CIRM is proud to contribute as a partner to the international conference 1971-2021: 50 ans de corpus montréalais. This event organized by Hélène Blondeau (U. of Florida), Marty Laforest (UQTR), and Wim Remysen (CIRM / U. de Sherbrooke) marks the 50th anniversary of the French-language corpus Montréal 1971, which has left its mark on modern sociolinguistics. Guests of honour include sociolinguists Henrietta Cedergren, Gillian Sankoff, Pierrette Thibault, and Diane Vincent, as well as mathematician and linguist David Sankoff.
What is the Montréal 1971 corpus?
It consists of a corpus of Montreal spoken French created at the Université de Montréal by Gillian Sankoff, Henrietta Cedergren, and David Sankoff. This work which launched Quebec and Canadian sociolinguistics aimed to obtain data on the nature, extent, and function of linguistic diversity within spoken French in Montreal; to shed light on the situation of a linguistically alienated population and to contribute to a better understanding of Quebec French. A remarkable aspect of this corpus is its use of new quantitative analysis methods (regression models) and research questions that have inspired other studies on the variation of French in Quebec, notably thanks to the mathematical and computational contributions of David Sankoff. Constituting a representative sample of Montreal-born Francophones aged 15 and over, the corpus takes a variationist approach. Its introduction of a new social variable based on the relationship to the standard language (“participation in the language market”) constitutes an important theoretical contribution to sociolinguistics. In 1984, Pierrette Thibault and Diane Vincent re-collected data from half of the 1971 corpus’ participants, and in 1995, Diane Vincent, Marty Laforest, and Guylaine Martel were able to recall 14 participants from the first studies. The latter work made it possible to conduct comparative studies of language change from a longitudinal perspective.
In addition to marking the anniversary of the corpus, this conference is intended to pay tribute to Quebec’s sociolinguistic pioneers and to bring together researchers concerned about the diversity of the French languge and the use of oral language corpuses.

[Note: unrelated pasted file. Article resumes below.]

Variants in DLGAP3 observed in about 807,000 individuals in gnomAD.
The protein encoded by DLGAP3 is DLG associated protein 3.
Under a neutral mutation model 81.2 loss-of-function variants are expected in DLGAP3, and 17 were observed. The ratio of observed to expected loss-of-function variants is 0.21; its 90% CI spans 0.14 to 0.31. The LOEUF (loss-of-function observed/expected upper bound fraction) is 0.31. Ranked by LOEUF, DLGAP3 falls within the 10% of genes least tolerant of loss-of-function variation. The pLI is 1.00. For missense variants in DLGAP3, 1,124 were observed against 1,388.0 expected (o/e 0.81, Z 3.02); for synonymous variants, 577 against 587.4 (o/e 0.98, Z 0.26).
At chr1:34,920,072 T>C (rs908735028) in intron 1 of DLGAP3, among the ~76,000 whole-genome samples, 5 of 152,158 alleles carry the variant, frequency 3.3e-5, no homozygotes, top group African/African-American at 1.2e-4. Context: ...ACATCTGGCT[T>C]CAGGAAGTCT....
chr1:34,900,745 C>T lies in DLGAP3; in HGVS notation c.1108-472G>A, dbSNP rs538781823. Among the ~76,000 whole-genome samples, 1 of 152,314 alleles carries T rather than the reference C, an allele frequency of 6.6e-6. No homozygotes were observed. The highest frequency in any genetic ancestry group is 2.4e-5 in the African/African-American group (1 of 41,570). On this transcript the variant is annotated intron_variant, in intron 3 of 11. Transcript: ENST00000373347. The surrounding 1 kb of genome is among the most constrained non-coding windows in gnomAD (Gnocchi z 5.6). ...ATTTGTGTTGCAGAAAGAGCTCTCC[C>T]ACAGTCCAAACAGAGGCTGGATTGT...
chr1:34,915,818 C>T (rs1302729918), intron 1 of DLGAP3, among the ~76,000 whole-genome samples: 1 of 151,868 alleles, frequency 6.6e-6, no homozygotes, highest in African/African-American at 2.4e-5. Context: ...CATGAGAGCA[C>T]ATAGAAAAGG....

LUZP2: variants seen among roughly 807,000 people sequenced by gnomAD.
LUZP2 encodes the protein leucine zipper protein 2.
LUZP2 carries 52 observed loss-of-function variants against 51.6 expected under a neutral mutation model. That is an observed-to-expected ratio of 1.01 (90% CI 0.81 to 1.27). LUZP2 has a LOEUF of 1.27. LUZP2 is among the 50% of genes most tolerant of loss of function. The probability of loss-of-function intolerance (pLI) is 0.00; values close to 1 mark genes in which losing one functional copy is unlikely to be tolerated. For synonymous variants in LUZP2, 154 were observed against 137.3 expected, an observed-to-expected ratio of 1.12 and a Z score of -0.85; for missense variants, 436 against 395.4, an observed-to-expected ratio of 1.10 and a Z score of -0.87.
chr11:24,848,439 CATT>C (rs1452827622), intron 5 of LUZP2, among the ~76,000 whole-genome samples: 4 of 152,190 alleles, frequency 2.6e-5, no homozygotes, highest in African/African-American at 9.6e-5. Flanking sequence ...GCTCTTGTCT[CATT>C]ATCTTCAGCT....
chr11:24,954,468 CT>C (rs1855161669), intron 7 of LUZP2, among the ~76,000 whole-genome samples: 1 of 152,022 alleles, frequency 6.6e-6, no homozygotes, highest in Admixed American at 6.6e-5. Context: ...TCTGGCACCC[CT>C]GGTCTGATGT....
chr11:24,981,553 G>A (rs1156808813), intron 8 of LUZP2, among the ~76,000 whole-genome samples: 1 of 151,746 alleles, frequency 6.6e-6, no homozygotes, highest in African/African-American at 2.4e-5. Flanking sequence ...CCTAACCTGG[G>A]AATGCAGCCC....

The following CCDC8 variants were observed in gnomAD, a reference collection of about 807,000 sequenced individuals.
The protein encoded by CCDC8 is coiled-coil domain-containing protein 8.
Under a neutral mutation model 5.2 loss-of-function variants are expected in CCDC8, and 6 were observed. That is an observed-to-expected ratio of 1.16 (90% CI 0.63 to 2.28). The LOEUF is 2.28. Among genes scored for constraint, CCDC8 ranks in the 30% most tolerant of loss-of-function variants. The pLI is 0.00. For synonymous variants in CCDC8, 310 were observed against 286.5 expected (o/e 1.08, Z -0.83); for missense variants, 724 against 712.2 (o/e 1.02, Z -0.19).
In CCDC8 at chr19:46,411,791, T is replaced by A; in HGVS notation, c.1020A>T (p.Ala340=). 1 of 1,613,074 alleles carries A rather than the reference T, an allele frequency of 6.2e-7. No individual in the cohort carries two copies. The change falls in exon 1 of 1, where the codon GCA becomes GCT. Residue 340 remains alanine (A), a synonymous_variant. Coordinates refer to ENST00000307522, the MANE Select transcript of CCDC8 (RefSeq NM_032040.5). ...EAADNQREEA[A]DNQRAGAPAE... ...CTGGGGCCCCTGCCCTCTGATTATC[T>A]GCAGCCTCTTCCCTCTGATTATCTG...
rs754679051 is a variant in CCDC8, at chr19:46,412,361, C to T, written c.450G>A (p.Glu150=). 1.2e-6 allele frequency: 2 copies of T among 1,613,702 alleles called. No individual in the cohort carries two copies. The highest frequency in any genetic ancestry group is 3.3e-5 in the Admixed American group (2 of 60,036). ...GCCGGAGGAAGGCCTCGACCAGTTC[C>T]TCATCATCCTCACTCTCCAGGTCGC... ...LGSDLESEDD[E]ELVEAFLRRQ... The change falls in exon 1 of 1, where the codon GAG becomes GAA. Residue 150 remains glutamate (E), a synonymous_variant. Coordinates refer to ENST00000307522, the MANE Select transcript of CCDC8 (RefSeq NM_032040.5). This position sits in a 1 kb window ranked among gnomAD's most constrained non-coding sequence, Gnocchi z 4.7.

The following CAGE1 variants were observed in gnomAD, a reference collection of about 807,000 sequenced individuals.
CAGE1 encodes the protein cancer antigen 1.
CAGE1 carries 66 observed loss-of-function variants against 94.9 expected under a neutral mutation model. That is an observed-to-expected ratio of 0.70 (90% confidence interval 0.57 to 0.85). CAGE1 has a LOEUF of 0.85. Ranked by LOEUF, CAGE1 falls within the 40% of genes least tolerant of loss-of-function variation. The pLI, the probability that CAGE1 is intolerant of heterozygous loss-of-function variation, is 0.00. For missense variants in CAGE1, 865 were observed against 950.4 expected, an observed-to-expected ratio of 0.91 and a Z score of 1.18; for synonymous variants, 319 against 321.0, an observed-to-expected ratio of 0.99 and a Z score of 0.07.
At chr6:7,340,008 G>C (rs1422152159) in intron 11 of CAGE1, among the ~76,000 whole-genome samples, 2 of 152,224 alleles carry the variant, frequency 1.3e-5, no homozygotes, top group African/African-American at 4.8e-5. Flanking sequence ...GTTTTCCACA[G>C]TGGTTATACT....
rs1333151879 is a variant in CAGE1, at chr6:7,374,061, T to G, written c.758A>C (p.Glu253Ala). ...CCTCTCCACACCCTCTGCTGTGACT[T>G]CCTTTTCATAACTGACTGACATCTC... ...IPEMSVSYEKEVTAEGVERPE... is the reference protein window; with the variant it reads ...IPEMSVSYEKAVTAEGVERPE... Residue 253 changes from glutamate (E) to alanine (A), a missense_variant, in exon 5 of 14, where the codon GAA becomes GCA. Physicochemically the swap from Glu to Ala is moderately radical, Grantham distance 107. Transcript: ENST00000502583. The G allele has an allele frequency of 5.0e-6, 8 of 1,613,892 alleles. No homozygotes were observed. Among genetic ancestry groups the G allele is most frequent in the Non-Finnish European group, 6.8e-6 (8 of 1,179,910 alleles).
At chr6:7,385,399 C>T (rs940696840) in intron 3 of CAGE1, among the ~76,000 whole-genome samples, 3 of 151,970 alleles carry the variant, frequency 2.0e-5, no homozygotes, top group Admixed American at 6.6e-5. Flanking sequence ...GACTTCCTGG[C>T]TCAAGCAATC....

The event’s organizing committee is looking for paper proposals that relate to one or another of the following three thematic axes:
Research on the French of Montreal and the major urban centres of the Francophonie. This axis aims to highlight research conducted on Montreal French, including issues of plurilingualism, as well as the perceptions nd representations brought by French and its many varieties.
The development of sociolinguistic corpuses in the digital humanities era, which raises a series of new concerns. These include the use of automatic data processing methods; the conservation and perpetuation of heritage corpuses and the ethical issues arising from them; and finally, the management of mass data and their exploitation for sociolinguistic purposes.
The study of life stories. Corpuses often contain autobiographical narratives that highlight the individual and his or her trajectory, opinions, and tastes. Longitudinal comparisons generated by the 1984 and 1995 corpuses make it possible to follow the trajectories of speakers throughout their lives through their discourse and language practices. A linguistic corpus is a place of memory for the city.
- February 1, 2021: submission of proposals
- March 1, 2021: notification to authors
- April 1, 2021: confirmation of participation
- September 16-18, 2021: holding of the conference